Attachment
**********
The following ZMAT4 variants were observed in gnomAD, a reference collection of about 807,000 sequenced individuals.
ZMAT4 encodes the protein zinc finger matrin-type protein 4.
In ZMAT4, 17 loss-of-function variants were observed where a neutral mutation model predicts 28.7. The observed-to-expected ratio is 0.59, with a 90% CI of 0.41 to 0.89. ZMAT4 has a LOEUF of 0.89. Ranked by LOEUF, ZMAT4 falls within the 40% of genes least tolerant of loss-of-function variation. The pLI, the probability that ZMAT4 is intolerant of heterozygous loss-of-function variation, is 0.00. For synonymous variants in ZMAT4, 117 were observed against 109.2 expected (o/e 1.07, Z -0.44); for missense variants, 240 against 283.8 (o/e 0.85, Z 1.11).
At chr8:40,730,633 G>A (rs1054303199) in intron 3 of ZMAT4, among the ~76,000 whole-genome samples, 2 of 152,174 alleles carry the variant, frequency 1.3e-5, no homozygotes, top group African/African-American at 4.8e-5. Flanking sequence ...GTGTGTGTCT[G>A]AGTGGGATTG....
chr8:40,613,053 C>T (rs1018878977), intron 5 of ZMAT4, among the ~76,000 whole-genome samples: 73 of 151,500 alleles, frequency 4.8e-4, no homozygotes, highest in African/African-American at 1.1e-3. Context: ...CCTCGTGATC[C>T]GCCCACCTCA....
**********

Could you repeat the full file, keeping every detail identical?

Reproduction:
The following ZMAT4 variants were observed in gnomAD, a reference collection of about 807,000 sequenced individuals.
ZMAT4 encodes the protein zinc finger matrin-type protein 4.
In ZMAT4, 17 loss-of-function variants were observed where a neutral mutation model predicts 28.7. The observed-to-expected ratio is 0.59, with a 90% CI of 0.41 to 0.89. ZMAT4 has a LOEUF of 0.89. Ranked by LOEUF, ZMAT4 falls within the 40% of genes least tolerant of loss-of-function variation. The pLI, the probability that ZMAT4 is intolerant of heterozygous loss-of-function variation, is 0.00. For synonymous variants in ZMAT4, 117 were observed against 109.2 expected (o/e 1.07, Z -0.44); for missense variants, 240 against 283.8 (o/e 0.85, Z 1.11).
At chr8:40,730,633 G>A (rs1054303199) in intron 3 of ZMAT4, among the ~76,000 whole-genome samples, 2 of 152,174 alleles carry the variant, frequency 1.3e-5, no homozygotes, top group African/African-American at 4.8e-5. Flanking sequence ...GTGTGTGTCT[G>A]AGTGGGATTG....
chr8:40,613,053 C>T (rs1018878977), intron 5 of ZMAT4, among the ~76,000 whole-genome samples: 73 of 151,500 alleles, frequency 4.8e-4, no homozygotes, highest in African/African-American at 1.1e-3. Context: ...CCTCGTGATC[C>T]GCCCACCTCA....